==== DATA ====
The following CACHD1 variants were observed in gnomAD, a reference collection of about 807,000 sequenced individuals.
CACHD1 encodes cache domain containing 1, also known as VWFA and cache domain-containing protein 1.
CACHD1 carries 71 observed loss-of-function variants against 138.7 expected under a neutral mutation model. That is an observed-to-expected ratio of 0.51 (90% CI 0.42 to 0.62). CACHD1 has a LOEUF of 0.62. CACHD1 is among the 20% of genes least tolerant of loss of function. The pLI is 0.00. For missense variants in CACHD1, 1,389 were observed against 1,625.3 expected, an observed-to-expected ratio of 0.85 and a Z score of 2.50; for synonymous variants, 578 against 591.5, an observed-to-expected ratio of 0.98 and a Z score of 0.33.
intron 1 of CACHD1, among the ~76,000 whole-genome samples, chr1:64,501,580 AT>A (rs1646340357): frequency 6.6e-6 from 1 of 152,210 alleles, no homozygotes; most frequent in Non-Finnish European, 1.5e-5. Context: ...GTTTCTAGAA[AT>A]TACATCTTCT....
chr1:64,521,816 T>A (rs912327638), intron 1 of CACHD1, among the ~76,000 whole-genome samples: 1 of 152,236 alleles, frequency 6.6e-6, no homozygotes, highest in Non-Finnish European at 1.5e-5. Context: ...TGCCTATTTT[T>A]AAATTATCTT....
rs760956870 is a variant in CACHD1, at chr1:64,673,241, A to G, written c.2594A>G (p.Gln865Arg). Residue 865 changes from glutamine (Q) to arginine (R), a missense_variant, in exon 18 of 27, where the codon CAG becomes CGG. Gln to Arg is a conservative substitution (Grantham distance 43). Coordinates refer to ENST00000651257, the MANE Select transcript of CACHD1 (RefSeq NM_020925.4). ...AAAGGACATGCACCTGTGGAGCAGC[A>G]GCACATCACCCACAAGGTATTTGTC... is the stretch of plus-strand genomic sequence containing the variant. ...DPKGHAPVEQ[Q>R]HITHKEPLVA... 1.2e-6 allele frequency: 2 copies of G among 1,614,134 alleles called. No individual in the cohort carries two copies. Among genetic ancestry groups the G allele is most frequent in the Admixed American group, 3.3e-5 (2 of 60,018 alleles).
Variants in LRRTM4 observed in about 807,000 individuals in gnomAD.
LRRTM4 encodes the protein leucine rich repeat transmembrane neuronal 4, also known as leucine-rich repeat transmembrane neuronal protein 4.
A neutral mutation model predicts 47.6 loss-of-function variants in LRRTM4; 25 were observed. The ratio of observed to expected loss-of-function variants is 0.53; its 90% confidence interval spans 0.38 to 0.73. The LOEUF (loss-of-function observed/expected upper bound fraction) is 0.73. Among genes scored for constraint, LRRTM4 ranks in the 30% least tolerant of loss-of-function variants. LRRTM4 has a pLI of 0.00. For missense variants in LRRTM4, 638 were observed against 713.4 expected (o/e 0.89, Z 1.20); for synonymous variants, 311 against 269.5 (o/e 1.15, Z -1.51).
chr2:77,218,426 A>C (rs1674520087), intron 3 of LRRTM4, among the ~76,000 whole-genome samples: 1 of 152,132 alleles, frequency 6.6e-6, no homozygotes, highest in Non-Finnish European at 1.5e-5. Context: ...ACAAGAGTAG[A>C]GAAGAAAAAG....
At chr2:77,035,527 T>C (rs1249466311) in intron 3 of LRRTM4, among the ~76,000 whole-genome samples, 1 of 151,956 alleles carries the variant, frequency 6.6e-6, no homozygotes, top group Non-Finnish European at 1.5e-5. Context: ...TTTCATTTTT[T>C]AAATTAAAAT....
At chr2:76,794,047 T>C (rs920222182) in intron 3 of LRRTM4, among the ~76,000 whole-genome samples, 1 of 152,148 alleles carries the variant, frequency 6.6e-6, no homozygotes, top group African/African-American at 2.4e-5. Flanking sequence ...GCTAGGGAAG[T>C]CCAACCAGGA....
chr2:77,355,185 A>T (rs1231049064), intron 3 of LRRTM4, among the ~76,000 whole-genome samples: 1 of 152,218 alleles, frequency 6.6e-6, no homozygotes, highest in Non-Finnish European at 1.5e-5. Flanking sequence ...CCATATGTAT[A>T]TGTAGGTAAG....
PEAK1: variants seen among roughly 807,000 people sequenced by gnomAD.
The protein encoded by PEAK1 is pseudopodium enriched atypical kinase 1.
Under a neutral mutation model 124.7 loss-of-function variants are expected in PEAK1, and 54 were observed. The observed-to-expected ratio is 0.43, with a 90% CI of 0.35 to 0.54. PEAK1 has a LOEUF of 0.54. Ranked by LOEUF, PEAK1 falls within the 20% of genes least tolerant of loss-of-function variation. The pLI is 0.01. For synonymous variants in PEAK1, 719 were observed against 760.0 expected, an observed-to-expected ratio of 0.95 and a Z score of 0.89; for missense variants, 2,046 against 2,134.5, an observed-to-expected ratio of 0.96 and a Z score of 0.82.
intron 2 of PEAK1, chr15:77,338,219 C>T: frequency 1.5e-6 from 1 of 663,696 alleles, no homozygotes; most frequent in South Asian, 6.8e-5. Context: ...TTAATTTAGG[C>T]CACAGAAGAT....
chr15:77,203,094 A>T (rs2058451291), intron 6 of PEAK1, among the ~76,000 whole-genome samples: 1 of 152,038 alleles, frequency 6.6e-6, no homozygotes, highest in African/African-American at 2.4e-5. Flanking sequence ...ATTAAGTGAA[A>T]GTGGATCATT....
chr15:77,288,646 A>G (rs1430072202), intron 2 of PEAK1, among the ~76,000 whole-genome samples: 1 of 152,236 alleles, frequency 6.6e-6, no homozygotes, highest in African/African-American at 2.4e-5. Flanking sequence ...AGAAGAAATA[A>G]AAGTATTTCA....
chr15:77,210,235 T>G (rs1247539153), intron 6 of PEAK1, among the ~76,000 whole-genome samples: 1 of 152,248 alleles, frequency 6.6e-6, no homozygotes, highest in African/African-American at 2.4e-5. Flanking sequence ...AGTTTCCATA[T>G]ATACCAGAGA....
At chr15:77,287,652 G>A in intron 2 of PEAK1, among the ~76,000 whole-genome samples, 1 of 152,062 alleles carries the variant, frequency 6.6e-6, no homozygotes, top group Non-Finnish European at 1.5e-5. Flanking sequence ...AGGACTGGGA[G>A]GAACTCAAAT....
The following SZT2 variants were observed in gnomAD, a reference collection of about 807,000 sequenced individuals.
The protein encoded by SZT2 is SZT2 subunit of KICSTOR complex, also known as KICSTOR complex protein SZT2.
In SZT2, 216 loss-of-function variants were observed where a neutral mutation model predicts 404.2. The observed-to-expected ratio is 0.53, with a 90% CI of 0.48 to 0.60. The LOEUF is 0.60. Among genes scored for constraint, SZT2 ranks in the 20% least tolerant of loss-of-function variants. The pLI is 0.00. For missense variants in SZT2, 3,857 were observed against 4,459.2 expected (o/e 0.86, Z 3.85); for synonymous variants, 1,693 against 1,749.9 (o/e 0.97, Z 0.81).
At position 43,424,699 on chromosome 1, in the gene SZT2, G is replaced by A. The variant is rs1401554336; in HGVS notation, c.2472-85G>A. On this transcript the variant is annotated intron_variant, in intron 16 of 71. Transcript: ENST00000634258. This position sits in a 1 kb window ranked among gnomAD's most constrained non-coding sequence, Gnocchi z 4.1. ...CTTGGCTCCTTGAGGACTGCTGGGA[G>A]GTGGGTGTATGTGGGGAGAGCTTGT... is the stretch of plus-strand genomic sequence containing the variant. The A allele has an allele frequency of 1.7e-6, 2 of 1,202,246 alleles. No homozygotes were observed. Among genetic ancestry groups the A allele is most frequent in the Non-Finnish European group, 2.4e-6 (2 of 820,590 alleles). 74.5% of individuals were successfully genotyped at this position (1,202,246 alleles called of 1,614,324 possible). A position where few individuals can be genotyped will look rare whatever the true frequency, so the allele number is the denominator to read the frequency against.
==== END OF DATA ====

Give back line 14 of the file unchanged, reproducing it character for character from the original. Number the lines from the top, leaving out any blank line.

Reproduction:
PEAK1: variants seen among roughly 807,000 people sequenced by gnomAD.